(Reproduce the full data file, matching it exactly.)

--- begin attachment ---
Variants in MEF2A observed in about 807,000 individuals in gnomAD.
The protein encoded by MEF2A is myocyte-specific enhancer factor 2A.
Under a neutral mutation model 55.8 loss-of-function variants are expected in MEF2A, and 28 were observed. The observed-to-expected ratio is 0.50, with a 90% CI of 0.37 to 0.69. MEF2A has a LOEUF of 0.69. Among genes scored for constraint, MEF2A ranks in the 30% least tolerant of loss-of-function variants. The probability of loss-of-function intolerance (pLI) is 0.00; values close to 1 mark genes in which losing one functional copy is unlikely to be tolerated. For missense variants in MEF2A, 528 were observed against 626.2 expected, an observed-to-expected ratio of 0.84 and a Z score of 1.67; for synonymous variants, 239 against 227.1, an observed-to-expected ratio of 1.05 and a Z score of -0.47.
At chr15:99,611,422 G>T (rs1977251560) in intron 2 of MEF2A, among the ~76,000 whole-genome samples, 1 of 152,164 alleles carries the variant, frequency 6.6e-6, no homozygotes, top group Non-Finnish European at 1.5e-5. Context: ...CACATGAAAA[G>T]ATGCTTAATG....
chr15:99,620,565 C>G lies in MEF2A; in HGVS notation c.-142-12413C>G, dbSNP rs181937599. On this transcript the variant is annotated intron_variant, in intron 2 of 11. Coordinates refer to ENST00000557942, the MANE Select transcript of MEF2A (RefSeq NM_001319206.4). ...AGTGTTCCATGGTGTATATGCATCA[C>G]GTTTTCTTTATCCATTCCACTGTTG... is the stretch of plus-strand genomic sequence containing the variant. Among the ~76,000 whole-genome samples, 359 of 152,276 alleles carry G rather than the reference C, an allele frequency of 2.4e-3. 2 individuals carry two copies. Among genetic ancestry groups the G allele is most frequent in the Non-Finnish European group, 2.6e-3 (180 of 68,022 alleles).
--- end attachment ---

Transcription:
Variants in MEF2A observed in about 807,000 individuals in gnomAD.
The protein encoded by MEF2A is myocyte-specific enhancer factor 2A.
Under a neutral mutation model 55.8 loss-of-function variants are expected in MEF2A, and 28 were observed. The observed-to-expected ratio is 0.50, with a 90% CI of 0.37 to 0.69. MEF2A has a LOEUF of 0.69. Among genes scored for constraint, MEF2A ranks in the 30% least tolerant of loss-of-function variants. The probability of loss-of-function intolerance (pLI) is 0.00; values close to 1 mark genes in which losing one functional copy is unlikely to be tolerated. For missense variants in MEF2A, 528 were observed against 626.2 expected, an observed-to-expected ratio of 0.84 and a Z score of 1.67; for synonymous variants, 239 against 227.1, an observed-to-expected ratio of 1.05 and a Z score of -0.47.
At chr15:99,611,422 G>T (rs1977251560) in intron 2 of MEF2A, among the ~76,000 whole-genome samples, 1 of 152,164 alleles carries the variant, frequency 6.6e-6, no homozygotes, top group Non-Finnish European at 1.5e-5. Context: ...CACATGAAAA[G>T]ATGCTTAATG....
chr15:99,620,565 C>G lies in MEF2A; in HGVS notation c.-142-12413C>G, dbSNP rs181937599. On this transcript the variant is annotated intron_variant, in intron 2 of 11. Coordinates refer to ENST00000557942, the MANE Select transcript of MEF2A (RefSeq NM_001319206.4). ...AGTGTTCCATGGTGTATATGCATCA[C>G]GTTTTCTTTATCCATTCCACTGTTG... is the stretch of plus-strand genomic sequence containing the variant. Among the ~76,000 whole-genome samples, 359 of 152,276 alleles carry G rather than the reference C, an allele frequency of 2.4e-3. 2 individuals carry two copies. Among genetic ancestry groups the G allele is most frequent in the Non-Finnish European group, 2.6e-3 (180 of 68,022 alleles).